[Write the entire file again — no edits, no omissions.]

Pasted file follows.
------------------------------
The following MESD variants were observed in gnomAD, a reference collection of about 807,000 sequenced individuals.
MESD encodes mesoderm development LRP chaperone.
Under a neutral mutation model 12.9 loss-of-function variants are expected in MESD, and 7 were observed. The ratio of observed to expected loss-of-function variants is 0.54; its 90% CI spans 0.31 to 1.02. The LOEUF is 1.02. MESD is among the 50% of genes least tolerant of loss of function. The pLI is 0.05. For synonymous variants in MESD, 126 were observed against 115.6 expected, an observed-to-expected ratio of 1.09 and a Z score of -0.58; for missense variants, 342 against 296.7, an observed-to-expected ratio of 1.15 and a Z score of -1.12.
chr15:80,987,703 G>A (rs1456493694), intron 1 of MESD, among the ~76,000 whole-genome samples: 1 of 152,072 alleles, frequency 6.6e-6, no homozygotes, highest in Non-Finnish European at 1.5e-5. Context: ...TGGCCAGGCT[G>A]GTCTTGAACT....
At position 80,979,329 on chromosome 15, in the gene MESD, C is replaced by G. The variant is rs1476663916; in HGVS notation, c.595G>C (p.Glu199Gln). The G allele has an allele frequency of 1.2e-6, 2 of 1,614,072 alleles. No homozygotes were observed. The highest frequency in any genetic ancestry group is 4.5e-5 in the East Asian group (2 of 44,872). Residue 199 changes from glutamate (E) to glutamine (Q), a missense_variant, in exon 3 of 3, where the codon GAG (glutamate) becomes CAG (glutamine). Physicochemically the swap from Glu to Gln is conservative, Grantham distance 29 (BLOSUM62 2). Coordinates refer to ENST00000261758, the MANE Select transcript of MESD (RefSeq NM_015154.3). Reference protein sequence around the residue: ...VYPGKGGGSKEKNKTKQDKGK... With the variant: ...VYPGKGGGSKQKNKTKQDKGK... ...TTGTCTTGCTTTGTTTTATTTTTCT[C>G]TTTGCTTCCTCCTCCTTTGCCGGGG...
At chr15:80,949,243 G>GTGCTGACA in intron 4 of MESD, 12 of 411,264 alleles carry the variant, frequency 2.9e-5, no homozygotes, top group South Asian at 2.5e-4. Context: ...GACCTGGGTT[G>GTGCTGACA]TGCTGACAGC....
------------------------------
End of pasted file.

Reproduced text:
The following MESD variants were observed in gnomAD, a reference collection of about 807,000 sequenced individuals.
MESD encodes mesoderm development LRP chaperone.
Under a neutral mutation model 12.9 loss-of-function variants are expected in MESD, and 7 were observed. The ratio of observed to expected loss-of-function variants is 0.54; its 90% CI spans 0.31 to 1.02. The LOEUF is 1.02. MESD is among the 50% of genes least tolerant of loss of function. The pLI is 0.05. For synonymous variants in MESD, 126 were observed against 115.6 expected, an observed-to-expected ratio of 1.09 and a Z score of -0.58; for missense variants, 342 against 296.7, an observed-to-expected ratio of 1.15 and a Z score of -1.12.
chr15:80,987,703 G>A (rs1456493694), intron 1 of MESD, among the ~76,000 whole-genome samples: 1 of 152,072 alleles, frequency 6.6e-6, no homozygotes, highest in Non-Finnish European at 1.5e-5. Context: ...TGGCCAGGCT[G>A]GTCTTGAACT....
At position 80,979,329 on chromosome 15, in the gene MESD, C is replaced by G. The variant is rs1476663916; in HGVS notation, c.595G>C (p.Glu199Gln). The G allele has an allele frequency of 1.2e-6, 2 of 1,614,072 alleles. No homozygotes were observed. The highest frequency in any genetic ancestry group is 4.5e-5 in the East Asian group (2 of 44,872). Residue 199 changes from glutamate (E) to glutamine (Q), a missense_variant, in exon 3 of 3, where the codon GAG (glutamate) becomes CAG (glutamine). Physicochemically the swap from Glu to Gln is conservative, Grantham distance 29 (BLOSUM62 2). Coordinates refer to ENST00000261758, the MANE Select transcript of MESD (RefSeq NM_015154.3). Reference protein sequence around the residue: ...VYPGKGGGSKEKNKTKQDKGK... With the variant: ...VYPGKGGGSKQKNKTKQDKGK... ...TTGTCTTGCTTTGTTTTATTTTTCT[C>G]TTTGCTTCCTCCTCCTTTGCCGGGG...
At chr15:80,949,243 G>GTGCTGACA in intron 4 of MESD, 12 of 411,264 alleles carry the variant, frequency 2.9e-5, no homozygotes, top group South Asian at 2.5e-4. Context: ...GACCTGGGTT[G>GTGCTGACA]TGCTGACAGC....